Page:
Separation and divorce are among the most distressing and disruptive events that individuals and families can go through. They are extremely emotional processes which involve making decisions and reaching agreements on sensitive issues which have a direct, long-term impact on families. Making decisions regarding your children’s upbringing, calculating maintenance costs or dividing assets and liabilities justly can be very difficult under these circumstances. Objectivity and problem-solving are often dominated by emotion and as a result, couples resort to litigation. Litigation can be expensive, emotionally draining, time consuming and have a long-lasting negative impact on family relationships.
Divorce mediation is an alternative to litigation. It is a form of Alternative Dispute Resolution (ADR) designed to resolve disputes pre, during or post separation or divorce. The process empowers participants to shape their own agreements regarding parenting plans, maintenance calculations and division of assets and liabilities. Because they are shaped by the parents themselves, they are typically more fair, practical and sustainable. These agreements are suited to meet the needs of each family’s unique circumstances. When children are involved they are developed around the children’s best interests.
As an accredited family and divorce mediator, apart from where there is substance abuse, domestic violence or major power imbalances in the relationship, I am convinced that mediation is a better option than litigation to solve disagreements. Mediation saves time and money, reduces emotional turmoil and significantly improves the chances of effective co-parenting. Mediation achieves these outcomes by increasing awareness, improving communication and empowering the parties to take control of their own future.
In my experience a holistic approach to managing the separation or divorce process is ideal. The reason for this is that the focus of mediation is not solely the termination of the marriage or relationship. Mediation focuses on the entire family, the continued relationship of the parties and how to best prepare the parties to anticipate and mange future scenarios. Therefore; in some instances, the process may include the brief involvement of psychologists or social-workers and, to formalise agreements, an attorney.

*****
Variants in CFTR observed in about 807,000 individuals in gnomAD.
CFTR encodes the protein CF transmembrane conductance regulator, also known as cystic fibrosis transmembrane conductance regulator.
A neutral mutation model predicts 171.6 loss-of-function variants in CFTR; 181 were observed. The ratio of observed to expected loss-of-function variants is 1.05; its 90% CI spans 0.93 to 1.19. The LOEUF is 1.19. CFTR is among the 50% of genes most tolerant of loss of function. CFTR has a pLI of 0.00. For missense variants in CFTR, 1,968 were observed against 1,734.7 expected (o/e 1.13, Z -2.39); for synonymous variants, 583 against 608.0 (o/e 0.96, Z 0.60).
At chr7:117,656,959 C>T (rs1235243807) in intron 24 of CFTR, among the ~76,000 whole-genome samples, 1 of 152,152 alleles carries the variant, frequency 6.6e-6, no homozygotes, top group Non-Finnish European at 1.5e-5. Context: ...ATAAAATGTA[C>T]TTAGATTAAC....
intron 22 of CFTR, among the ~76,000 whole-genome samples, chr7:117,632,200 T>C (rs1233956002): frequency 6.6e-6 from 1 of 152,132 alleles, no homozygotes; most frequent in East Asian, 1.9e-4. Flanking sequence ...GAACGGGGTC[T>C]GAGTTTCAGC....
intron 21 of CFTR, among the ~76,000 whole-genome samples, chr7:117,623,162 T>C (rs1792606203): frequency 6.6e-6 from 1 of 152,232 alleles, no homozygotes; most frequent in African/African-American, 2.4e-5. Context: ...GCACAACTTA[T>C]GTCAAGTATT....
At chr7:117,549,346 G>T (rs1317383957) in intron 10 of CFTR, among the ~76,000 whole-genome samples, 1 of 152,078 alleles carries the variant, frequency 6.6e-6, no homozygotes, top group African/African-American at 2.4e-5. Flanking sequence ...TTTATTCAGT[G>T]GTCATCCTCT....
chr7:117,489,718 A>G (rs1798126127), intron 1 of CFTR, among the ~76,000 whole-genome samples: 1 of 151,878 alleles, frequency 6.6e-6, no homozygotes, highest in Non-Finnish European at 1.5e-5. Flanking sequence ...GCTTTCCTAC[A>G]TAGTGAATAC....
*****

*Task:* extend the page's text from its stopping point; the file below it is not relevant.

Divorce mediation has five underlying principles that will help you better understand the mediation process.
- Firstly, the process is voluntary. Both parties need to agree to enter into an agreement to mediate. Either party can also stop the process at any time.
- Secondly, mediation is confidential, providing a safe space for parties to communicate. What is discussed in mediation is without prejudice therefore cannot be used in court. This fosters more open dialogue which in turn can lead to a clearer understanding of the issues and result in more creative and flexible solutions.
- Thirdly, the process is empowering. Why? Because empowerment is synonymous with taking responsibility and this is what the mediation process encourages and allows parties to do. It recognises that nobody is better placed to create a family’s future than the family itself.
- The fourth principle is objectivity. A mediator is an independent, neutral third-party who conducts the mediation. The mediator’s role is to help both parties identify, negotiate and come to a mutually-acceptable agreement on the various issues highlighted by the parties themselves.
- Lastly, the mediation process is unique. You determine what issues need to be addressed, you decide on the solution, you control the outcome and as a result, you are the decision makers for your family’s future.
As Nelson Mandela so eloquently said “One effect of sustained conflict is to narrow our vision of what is possible. Time and time again, conflicts are resolved through shifts that were unimaginable at the start”.
Amani Mediation are based in Rivonia, Johannesburg and specialise in Family and Divorce Mediation. We employ a holistic approach to Divorce Mediation, working closely with a network of psychologists, social workers, financial advisors and attorneys who share our philosophy.